Based upon this flyer, Strange Motion has filed this suit against Collins, claiming defamation, false light invasion of privacy, commercial disparagement, and interference with prospective economic advantage. Defendant Collins has filed the present motion for summary judgment on all four counts.

II. Legal Standard

Summary judgment is to be granted where "the pleadings, depositions, answers to interrogatories, and admissions on file, together with the affidavits, if any, show that there is no genuine issue as to any material fact and that the moving party is entitled to a judgment as a matter of law." Fed. R. Civ. P. 56(c). The moving party has the burden of showing the court, through portions of the record, that no genuine issue as to any material fact exists and that they are entitled to judgment as a matter of law. Celotex Corp. v. Catrett, 477 U.S. 317, 323 (1986). The moving party may meet this burden by showing "that there is an absence of evidence to support the nonmoving party's case." Id. at 325. Any doubt as to the existence of a genuine issue for trial is resolved against the moving party. Anderson v. Liberty Lobby, 477 U.S. 242, 255 (1986); Cain v. Lane, 857 F.2d 1139, 1142 (7th Cir. 1988).

If the moving party meets its burden, the non-moving party then has the burden of presenting specific facts to show that there is a genuine issue of material fact. Matsushita Elec. Indus. Co. v. Zenith Radio Corp., 475 U.S. 574, 586-87 (1986). Federal Rule of Civil Procedure 56(e) requires the non-moving party to go beyond the pleadings and produce evidence of a genuine issue for trial. Celotex, 477 U.S. at 324. Nevertheless, this Court must "view the record and all inferences drawn from it in the light most favorable to the [non-moving party]." Holland v. Jefferson Nat. Life Ins. Co., 883 F.2d 1307, 1312 (7th Cir. 1989). Summary judgment will be denied where a reasonable jury could return a verdict for the non-moving party. Anderson v. Liberty Lobby, Inc., 477 U.S. 242, 248 (1986); Hedberg v. Indiana Bell Tel. Co., 47 F.3d 928, 931 (7th Cir. 1995).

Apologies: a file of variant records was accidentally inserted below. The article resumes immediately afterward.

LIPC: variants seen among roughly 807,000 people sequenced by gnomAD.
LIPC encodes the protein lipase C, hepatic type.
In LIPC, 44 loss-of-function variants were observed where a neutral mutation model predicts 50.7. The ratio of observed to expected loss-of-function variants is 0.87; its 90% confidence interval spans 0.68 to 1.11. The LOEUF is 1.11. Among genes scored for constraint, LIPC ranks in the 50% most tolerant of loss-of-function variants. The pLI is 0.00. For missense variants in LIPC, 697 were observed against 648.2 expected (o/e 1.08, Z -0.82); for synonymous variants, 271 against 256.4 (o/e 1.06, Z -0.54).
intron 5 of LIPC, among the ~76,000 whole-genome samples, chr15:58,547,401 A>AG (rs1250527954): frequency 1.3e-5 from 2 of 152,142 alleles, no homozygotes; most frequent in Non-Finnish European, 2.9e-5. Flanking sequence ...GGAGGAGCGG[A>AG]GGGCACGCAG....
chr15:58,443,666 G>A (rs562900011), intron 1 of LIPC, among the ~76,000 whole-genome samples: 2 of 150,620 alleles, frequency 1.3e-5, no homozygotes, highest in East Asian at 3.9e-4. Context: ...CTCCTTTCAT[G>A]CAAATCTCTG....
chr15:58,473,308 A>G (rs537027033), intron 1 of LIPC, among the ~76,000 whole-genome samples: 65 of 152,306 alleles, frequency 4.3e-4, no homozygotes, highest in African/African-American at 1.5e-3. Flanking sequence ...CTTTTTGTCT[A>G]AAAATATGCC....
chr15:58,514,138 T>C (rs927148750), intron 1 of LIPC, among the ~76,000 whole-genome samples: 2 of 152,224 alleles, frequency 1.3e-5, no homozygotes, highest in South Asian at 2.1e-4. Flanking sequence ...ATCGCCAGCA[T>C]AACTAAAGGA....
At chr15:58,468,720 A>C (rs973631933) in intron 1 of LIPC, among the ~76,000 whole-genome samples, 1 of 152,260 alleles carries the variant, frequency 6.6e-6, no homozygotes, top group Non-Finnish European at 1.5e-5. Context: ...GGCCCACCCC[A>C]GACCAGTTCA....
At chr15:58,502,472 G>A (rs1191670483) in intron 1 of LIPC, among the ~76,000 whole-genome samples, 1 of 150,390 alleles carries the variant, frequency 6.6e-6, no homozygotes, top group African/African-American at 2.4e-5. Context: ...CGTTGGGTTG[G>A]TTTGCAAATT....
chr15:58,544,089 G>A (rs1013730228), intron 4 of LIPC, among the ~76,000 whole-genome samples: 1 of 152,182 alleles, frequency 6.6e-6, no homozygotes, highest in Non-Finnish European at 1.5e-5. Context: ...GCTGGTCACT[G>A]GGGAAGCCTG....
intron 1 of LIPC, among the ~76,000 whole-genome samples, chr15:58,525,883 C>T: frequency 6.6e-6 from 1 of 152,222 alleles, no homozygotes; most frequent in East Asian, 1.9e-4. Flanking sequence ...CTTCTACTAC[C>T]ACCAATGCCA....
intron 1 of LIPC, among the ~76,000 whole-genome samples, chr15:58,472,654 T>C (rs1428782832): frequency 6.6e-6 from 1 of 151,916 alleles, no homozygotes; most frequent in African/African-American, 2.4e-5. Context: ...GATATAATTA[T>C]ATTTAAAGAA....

III. Analysis

A. Defamation Per Se

In order to make a successful claim of defamation without pleading specific damages, the conduct in question must fall under one of the categories of defamation per se. Bryson v. News America Publications, Inc., 672 N.E.2d 1207, 1214 (Ill. 1996). "Statements that fall within these actionable per se categories are thought to be so obviously and materially harmful to the plaintiff that injury to her reputation may be presumed." Id. Four categories of statements are considered actionable as defamation per se. "They are: (1) [W]ords that impute the commission of a criminal offense; (2) words that impute infection with a loathsome communicable disease; (3) words that impute an inability to perform or want ...